Masks. I got 20 per family member in our local area. For when you need to go out and restock food. Also learn how to properly use the mask.
I take a prescription medication that is a controlled substance. I feel like a criminal each time I fill it. I'm only given exactly the amount I need for the next 30 days and it routinely causes problems when I need to travel out of state around the time of my next refill.
I really wish there was some way of saying "I've been taking this stuff for years, I've clearly never abused it, please give me some buffer for emergencies."
This is clearly a case of a law that may have been well-intentioned majorly infringing upon your rights.
This could be easily discerned through individual scrutiny or large-scale automated analysis.
Ups the dosage to twice as much and breaks the meds in half. Usually the price is still the same but now there’s twice as much.
Stops taking the meds on some weekends to create a buffer.
Asks a doctor to try another similar medications and express fear about going off the current med incase the new one doesn’t work. Unintended side effect is that you now have twice as much for that month.
Gradually reduce medication dosage and occasionally stop taking it. If you can live without it you’ll be more independent.
Fat, ash, water.
1. Find out what is going on, the Interwebs are your friends. The press and politicians aren't much use. The bureaucracy (China, Japan, Iran for example) are not much use and may make things worse.
2. Carry around some sanitising, no water, hand cleaner.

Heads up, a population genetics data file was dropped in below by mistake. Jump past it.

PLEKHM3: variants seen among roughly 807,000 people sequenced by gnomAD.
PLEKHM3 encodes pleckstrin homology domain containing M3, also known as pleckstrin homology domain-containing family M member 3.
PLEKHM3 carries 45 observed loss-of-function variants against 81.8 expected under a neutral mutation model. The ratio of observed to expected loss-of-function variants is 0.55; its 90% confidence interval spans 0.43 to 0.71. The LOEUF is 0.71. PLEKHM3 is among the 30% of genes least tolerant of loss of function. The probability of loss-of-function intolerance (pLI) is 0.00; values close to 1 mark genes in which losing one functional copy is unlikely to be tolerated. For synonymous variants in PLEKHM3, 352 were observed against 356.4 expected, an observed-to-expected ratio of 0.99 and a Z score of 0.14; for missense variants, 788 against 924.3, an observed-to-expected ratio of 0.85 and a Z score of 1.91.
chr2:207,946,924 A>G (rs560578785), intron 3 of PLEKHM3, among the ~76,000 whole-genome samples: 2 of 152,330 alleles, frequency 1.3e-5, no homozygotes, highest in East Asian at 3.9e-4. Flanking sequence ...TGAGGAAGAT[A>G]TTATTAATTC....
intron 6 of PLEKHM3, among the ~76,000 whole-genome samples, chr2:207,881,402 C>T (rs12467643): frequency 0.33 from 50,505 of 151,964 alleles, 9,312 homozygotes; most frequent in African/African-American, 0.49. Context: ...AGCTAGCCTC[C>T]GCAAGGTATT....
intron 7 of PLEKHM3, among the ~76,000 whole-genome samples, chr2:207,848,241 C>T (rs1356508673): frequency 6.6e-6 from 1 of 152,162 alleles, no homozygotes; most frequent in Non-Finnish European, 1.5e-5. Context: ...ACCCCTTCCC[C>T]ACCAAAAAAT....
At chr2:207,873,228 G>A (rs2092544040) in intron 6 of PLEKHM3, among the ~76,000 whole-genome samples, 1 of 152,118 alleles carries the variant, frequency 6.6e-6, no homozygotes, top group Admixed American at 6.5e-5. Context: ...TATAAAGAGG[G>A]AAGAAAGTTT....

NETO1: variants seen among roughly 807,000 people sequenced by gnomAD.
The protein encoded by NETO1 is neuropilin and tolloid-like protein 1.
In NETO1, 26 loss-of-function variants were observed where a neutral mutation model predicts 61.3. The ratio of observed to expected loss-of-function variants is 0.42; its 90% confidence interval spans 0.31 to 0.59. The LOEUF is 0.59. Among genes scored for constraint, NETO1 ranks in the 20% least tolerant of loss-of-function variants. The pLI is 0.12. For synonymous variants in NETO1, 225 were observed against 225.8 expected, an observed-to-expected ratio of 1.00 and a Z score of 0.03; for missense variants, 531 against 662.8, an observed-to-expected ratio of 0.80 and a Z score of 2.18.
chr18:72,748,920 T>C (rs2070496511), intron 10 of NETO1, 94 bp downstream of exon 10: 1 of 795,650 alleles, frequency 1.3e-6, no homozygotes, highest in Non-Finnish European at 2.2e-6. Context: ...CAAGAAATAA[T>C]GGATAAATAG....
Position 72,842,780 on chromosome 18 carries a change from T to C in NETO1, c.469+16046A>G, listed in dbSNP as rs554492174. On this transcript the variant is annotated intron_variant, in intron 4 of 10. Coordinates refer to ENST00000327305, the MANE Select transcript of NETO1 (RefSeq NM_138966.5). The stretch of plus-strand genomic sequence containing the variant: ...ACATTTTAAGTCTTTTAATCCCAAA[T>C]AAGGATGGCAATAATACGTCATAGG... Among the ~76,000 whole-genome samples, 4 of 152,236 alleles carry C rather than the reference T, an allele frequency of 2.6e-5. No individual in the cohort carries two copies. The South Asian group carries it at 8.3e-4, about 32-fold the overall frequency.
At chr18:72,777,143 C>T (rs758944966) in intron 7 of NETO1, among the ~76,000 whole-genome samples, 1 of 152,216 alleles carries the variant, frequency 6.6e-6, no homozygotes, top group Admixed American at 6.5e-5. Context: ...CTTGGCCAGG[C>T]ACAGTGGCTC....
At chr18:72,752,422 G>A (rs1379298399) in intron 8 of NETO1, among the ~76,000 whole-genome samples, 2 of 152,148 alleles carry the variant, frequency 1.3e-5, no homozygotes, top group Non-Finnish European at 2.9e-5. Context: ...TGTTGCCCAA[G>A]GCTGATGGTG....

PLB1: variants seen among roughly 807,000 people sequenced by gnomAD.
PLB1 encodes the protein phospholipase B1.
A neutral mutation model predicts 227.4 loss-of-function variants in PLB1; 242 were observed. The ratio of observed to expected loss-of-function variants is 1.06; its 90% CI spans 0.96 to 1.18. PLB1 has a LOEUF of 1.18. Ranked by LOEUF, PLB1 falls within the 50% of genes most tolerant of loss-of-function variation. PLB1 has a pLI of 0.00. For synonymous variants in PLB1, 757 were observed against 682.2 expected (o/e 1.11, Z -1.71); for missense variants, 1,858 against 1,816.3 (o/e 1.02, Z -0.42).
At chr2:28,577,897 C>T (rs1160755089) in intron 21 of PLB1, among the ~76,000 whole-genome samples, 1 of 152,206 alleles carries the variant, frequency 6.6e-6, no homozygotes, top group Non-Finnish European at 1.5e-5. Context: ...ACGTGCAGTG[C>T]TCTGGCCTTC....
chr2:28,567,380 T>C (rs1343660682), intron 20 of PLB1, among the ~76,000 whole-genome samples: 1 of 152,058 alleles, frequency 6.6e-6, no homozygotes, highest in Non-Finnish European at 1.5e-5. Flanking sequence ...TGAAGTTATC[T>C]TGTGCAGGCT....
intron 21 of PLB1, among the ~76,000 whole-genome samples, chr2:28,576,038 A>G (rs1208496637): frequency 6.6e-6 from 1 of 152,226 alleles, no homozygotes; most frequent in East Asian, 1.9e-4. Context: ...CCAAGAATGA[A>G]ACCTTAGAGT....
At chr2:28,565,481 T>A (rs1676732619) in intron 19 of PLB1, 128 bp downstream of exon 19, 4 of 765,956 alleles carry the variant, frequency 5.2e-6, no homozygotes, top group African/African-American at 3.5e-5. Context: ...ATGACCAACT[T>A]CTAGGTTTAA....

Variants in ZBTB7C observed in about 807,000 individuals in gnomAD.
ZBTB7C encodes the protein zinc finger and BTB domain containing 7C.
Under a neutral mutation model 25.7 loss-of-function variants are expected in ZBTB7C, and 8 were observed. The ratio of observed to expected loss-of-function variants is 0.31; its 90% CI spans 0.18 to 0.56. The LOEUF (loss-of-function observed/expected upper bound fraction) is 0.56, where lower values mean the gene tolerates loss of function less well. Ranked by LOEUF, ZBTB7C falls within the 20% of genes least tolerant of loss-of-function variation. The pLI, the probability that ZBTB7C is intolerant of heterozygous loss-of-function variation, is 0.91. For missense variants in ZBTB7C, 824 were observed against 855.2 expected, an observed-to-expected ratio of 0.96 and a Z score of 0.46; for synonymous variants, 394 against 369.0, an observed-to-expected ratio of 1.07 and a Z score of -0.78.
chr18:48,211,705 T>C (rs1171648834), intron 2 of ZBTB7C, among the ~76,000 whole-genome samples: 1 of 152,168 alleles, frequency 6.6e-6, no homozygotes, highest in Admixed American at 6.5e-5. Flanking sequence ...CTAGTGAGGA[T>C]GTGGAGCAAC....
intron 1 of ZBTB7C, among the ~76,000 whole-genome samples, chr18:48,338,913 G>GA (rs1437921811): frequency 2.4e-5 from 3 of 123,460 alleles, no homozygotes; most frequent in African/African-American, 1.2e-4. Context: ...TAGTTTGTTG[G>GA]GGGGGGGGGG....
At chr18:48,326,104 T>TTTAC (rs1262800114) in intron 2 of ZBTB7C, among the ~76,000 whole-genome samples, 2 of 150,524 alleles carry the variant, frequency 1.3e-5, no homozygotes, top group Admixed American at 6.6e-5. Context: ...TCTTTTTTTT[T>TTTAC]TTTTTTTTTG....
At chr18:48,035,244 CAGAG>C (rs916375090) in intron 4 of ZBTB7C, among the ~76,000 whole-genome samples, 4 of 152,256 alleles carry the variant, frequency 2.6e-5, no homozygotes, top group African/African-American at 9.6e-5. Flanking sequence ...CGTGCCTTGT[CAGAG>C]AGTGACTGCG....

3. Get a few decent masks and read up how long to use them.
4. Find out what Fomites are and think about what that means.
5. Read up on hand cleaning. What you do now, CDC style, WHO style, operating theatre style and decide what to do. Start now.
6. Practice coughing and sneezing in a safe way, even if you're not naturally doing that now.
7. Study up on the Bayesian priors of the different ways the disease may hit you, 80% pretty mild. Check incubation times, up to 24 days, so who knows why they're still using 14. Asymptomatic people can spread for all, or most, of those incubation days. Get your mind into thinking about those and all the mechanics. If you're really determined solve some of the ODE's, for SIR, SEIR etc. program that and run your own epidemic progression models.
8. Prepare for a siege if it comes to that. Maybe write out operating procedures and lay in some supplies. For example if people have to deliver food etc. and leave it on the doorstep or whatever, work out the details.
9. Go visit people you care about who are frail or have compromised immune systems BEFORE anything breaks.
10. With Epidemics the populace is generally slow to realise it has started and also slow to realise it has finished. Think about that, prepare yourself. Don't be one of the fools.
11. If you don't already work from home, or have an understanding about that, get it fixed right away.
12. All the above also for your nearest and dearest too.
Fortunately, since most of us already work remotely for at least some of the time we didn't have any significant issues.
Beyond that, nothing really.
And what happens when the Management goes on Vacation during the holiday break? - Me
* Stunned Management
Distributed/remote companies are amazing for handling disaster scenarios like this. Hurricanes, floods, pandemics, zombies, you name it. We usually just work right through it.
The 4G and internet also need actual interventions. If we must work remotely, internet companies may also have to.